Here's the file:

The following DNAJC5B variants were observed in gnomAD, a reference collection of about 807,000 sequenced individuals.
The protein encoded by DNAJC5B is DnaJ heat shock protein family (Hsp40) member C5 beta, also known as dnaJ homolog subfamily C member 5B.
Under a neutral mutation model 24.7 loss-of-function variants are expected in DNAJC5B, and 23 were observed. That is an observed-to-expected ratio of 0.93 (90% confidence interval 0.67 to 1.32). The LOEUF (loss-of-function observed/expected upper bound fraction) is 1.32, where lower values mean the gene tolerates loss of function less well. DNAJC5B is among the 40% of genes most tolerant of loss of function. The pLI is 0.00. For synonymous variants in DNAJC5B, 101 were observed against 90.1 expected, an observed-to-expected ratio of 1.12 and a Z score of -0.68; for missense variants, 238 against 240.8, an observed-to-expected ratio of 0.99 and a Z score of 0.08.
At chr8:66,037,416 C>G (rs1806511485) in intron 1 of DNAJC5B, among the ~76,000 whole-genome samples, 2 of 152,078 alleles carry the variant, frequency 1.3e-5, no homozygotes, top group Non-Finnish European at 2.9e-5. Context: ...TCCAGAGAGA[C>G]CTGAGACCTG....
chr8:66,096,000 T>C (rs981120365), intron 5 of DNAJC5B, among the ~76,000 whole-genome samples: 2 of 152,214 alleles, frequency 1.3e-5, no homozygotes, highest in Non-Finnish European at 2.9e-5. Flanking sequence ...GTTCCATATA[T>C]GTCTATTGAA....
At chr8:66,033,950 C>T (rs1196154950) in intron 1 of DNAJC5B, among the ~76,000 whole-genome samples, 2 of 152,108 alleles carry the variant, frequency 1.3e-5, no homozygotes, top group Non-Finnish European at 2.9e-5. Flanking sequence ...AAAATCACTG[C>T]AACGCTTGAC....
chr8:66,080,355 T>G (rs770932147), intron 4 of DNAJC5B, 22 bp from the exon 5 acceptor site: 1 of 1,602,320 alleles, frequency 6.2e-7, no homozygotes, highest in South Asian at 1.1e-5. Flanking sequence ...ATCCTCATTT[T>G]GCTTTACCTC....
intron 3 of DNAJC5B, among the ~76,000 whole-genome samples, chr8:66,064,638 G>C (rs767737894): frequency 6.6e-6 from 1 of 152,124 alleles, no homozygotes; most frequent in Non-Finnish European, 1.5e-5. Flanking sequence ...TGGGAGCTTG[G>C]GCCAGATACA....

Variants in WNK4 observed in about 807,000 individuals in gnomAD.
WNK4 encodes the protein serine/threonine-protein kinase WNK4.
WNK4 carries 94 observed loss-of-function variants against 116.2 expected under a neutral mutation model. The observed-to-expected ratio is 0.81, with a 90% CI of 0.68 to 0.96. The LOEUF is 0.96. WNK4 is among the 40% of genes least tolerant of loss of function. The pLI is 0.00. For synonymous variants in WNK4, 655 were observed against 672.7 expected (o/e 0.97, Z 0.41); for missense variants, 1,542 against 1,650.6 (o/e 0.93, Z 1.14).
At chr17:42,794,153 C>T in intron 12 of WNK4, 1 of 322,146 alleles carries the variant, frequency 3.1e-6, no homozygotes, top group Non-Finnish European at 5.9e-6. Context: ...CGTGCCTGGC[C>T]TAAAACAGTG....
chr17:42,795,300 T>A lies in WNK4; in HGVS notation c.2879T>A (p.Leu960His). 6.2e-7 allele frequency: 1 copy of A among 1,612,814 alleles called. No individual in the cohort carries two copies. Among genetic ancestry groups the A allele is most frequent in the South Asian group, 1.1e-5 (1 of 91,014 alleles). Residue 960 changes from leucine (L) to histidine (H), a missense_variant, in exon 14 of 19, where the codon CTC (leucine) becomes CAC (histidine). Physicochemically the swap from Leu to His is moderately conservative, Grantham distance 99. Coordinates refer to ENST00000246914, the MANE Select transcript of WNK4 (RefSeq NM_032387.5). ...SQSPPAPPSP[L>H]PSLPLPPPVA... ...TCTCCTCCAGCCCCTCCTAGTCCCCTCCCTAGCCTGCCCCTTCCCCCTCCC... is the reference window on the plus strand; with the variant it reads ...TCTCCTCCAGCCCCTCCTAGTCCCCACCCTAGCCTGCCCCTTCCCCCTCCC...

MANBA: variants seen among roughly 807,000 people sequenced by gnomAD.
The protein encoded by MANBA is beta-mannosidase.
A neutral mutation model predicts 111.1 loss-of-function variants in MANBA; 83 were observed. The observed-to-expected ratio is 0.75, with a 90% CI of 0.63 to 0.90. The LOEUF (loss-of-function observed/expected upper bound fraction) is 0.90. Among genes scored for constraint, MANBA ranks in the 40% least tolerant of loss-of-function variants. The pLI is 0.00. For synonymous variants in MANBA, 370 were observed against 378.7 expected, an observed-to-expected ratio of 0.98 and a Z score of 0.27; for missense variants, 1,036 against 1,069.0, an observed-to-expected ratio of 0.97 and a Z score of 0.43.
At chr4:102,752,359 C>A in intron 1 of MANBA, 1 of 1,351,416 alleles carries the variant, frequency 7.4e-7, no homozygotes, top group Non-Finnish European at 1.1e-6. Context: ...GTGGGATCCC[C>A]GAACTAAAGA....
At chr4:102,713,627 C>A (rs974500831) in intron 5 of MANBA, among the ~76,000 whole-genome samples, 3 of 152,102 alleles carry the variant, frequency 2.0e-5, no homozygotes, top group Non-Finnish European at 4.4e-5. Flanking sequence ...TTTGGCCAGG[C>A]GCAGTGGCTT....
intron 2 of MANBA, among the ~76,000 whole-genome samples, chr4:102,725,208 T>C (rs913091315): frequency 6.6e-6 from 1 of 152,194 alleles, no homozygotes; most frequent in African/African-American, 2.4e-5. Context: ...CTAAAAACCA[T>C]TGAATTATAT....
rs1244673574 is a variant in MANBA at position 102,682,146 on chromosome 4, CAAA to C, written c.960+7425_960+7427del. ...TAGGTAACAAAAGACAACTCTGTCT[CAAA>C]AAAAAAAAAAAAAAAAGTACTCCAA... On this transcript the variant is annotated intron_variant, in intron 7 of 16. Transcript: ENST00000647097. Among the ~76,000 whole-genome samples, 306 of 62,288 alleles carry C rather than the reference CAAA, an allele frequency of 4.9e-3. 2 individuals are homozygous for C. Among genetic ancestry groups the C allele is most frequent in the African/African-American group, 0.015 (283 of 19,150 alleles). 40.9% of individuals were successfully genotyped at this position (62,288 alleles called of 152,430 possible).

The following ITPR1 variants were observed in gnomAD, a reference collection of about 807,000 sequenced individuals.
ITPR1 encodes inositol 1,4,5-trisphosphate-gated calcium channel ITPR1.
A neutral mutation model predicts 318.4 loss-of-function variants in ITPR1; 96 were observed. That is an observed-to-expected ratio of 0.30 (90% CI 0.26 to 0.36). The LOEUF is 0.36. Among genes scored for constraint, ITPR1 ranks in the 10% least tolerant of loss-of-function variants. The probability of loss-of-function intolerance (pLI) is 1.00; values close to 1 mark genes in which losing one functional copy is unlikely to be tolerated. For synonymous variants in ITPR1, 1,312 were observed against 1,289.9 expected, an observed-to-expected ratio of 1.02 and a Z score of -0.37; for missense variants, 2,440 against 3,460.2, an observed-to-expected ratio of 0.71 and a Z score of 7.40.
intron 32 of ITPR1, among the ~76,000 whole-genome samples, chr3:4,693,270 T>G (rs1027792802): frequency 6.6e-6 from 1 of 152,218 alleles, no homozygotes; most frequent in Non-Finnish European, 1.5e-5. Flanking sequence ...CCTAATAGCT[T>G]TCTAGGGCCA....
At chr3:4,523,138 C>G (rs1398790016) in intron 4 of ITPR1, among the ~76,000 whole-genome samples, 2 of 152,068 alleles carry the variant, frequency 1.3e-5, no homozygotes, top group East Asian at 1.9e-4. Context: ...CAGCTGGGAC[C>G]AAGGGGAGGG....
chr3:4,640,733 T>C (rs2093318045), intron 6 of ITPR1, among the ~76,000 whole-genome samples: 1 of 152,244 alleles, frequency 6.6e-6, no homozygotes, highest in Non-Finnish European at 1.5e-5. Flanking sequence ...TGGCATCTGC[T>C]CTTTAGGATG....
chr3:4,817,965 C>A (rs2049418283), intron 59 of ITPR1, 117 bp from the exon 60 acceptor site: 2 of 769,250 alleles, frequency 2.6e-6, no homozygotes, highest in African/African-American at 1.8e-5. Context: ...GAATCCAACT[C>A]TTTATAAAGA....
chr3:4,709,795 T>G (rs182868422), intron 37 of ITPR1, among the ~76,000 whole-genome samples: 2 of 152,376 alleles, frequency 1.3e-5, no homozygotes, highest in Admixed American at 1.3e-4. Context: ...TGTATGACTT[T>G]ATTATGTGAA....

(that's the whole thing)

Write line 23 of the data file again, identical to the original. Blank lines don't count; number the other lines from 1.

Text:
A neutral mutation model predicts 318.4 loss-of-function variants in ITPR1; 96 were observed. That is an observed-to-expected ratio of 0.30 (90% CI 0.26 to 0.36). The LOEUF is 0.36. Among genes scored for constraint, ITPR1 ranks in the 10% least tolerant of loss-of-function variants. The probability of loss-of-function intolerance (pLI) is 1.00; values close to 1 mark genes in which losing one functional copy is unlikely to be tolerated. For synonymous variants in ITPR1, 1,312 were observed against 1,289.9 expected, an observed-to-expected ratio of 1.02 and a Z score of -0.37; for missense variants, 2,440 against 3,460.2, an observed-to-expected ratio of 0.71 and a Z score of 7.40.